Investment Fund Mergers – Switch fund corporations: The 2016 federal budget eliminated the ability for a shareholder in a switch fund corporation to exchange shares from one class to another class on a tax-deferred basis. The budget extends the mutual fund merger rules to allow for the reorganization of a mutual fund corporation that is a switch fund corporation into multiple mutual fund trusts on a tax-deferred basis. Segregated funds: Segregated funds are life insurance policies that have many characteristics of mutual fund trusts. The budget proposes to allow for the ability for segregated funds to merge on a tax-deferred basis as of January 1, 2018.
Personal Tax Changes:
Anti-Avoidance Rules for Registered Plans – Current anti-avoidance rules that apply to the Tax-Free Savings Account, Registered Retirement Savings Plan and Registered Retirement Income Fund are proposed to now apply to the Registered Education Savings Plan and Registered Disability Savings Plan for transactions occurring and investments acquired after March 22, 2017. This includes the advantage rules, which help to prevent taking advantage of the tax attributes of a registered plan (such as by shifting returns from a taxable investment to a registered plan), the prohibited investment rules, which ensure that investments held are arm’s length “portfolio” investments, and non-qualified investment rules, which restrict the classes of investments that may be held within the plan. Certain transitional provisions may apply.
Caregiver Credit – The Canada Caregiver Credit is proposed to consolidate the existing caregiver
credit, infirm dependant credit and family caregiver tax credit, beginning for the 2017 taxation year. The credit amounts are consistent with that which could have been previously claimed and will be reduced dollar-for-dollar by the dependent’s net income above $16,163. A caregiver will not be required to live with the dependent in order to claim the credit. The credit will no longer apply to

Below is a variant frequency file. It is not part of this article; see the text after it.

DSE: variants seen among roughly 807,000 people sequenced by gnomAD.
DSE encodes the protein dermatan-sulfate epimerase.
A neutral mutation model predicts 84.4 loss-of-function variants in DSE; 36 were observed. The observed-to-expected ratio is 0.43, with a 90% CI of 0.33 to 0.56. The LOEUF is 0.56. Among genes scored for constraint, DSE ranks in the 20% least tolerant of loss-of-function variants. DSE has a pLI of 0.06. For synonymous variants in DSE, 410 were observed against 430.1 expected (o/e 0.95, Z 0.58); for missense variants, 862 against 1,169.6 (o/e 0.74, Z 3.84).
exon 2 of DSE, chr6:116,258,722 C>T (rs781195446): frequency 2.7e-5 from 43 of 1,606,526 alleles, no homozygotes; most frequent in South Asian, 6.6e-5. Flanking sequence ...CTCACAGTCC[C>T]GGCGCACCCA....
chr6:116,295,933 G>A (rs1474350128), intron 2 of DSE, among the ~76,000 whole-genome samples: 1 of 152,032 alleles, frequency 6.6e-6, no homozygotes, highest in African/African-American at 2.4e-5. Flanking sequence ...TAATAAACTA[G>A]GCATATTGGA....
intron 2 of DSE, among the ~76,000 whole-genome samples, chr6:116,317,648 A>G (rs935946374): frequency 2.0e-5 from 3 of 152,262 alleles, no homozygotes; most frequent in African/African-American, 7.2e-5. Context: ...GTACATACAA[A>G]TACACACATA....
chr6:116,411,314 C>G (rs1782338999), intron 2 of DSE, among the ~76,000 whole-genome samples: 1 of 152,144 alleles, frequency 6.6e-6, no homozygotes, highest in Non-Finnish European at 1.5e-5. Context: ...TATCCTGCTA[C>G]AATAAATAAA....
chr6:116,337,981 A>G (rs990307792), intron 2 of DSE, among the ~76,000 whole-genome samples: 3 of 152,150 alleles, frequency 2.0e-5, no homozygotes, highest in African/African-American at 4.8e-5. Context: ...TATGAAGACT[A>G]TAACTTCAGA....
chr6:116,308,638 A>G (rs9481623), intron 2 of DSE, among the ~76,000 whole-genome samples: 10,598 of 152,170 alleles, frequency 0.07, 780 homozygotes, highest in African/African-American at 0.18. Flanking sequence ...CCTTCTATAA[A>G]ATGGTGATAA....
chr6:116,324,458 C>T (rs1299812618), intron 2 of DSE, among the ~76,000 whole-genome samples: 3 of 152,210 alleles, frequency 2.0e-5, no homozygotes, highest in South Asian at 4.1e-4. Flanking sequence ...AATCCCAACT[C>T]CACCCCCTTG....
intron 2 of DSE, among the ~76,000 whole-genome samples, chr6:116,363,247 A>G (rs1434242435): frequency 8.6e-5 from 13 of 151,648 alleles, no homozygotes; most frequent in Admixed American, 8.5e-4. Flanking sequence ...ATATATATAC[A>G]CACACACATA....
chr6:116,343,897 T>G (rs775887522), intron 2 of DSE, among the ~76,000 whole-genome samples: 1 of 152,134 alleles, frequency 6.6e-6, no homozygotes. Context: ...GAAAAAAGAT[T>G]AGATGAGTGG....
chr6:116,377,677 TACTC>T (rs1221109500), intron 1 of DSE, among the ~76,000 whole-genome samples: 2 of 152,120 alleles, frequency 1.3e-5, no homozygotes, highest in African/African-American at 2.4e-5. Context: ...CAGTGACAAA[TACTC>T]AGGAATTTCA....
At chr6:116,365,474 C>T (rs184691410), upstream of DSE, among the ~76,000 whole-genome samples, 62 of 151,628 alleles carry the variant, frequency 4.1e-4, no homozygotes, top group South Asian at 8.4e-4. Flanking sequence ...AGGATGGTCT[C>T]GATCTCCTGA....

non-infirm seniors who reside with their adult children.
Tuition Tax Credit – Eligibility criteria for the tuition tax credit is proposed to be extended to tuition
paid to a post-secondary institution in Canada for occupational skills courses that aren’t at the
Mineral Exploration Tax Credit – The budget extends the 15% mineral exploration tax credit by one year to flow-through share agreements entered into on or before March 31, 2018 (as per the announcement on March 5, 2017).
Public Transit Tax Credit: Eliminated – Effective July 1, 2017, the public transit tax credit is proposed to be eliminated.
Home Relocation Loan Deduction: Eliminated – As of 2018, the home relocation loans deduction is proposed to be eliminated.
Alcohol Taxation – The budget proposes to increase the excise duty rates on alcohol products by two percent, effective March 23, 2017. Rates are proposed to be adjusted by the Consumer Price Index on April 1 of every year, beginning in 2018.
Other noteworthy changes include the following:
Employment Insurance (EI) – EI program benefits are proposed to be expanded, with parental leave expected to become more flexible by allowing individuals to choose to receive benefits over an extended period (but at the same benefit amount). Benefits will also be extended to caregivers.
EI premiums are also set to rise in 2018.
Canada Savings Bonds (CSBs) – The program that was created in 1946 will be phased out and sales of new CSBs will be discontinued in 2017. This is due to the decline in popularity of the program because of the availability of higher-yielding investment alternatives. All outstanding retail debt will continue to be honoured.
Please contact us, if you would like to discuss how any of these items may impact your personal financial plan, or simply with any questions.
Jeff Scruton & Mike Bellamy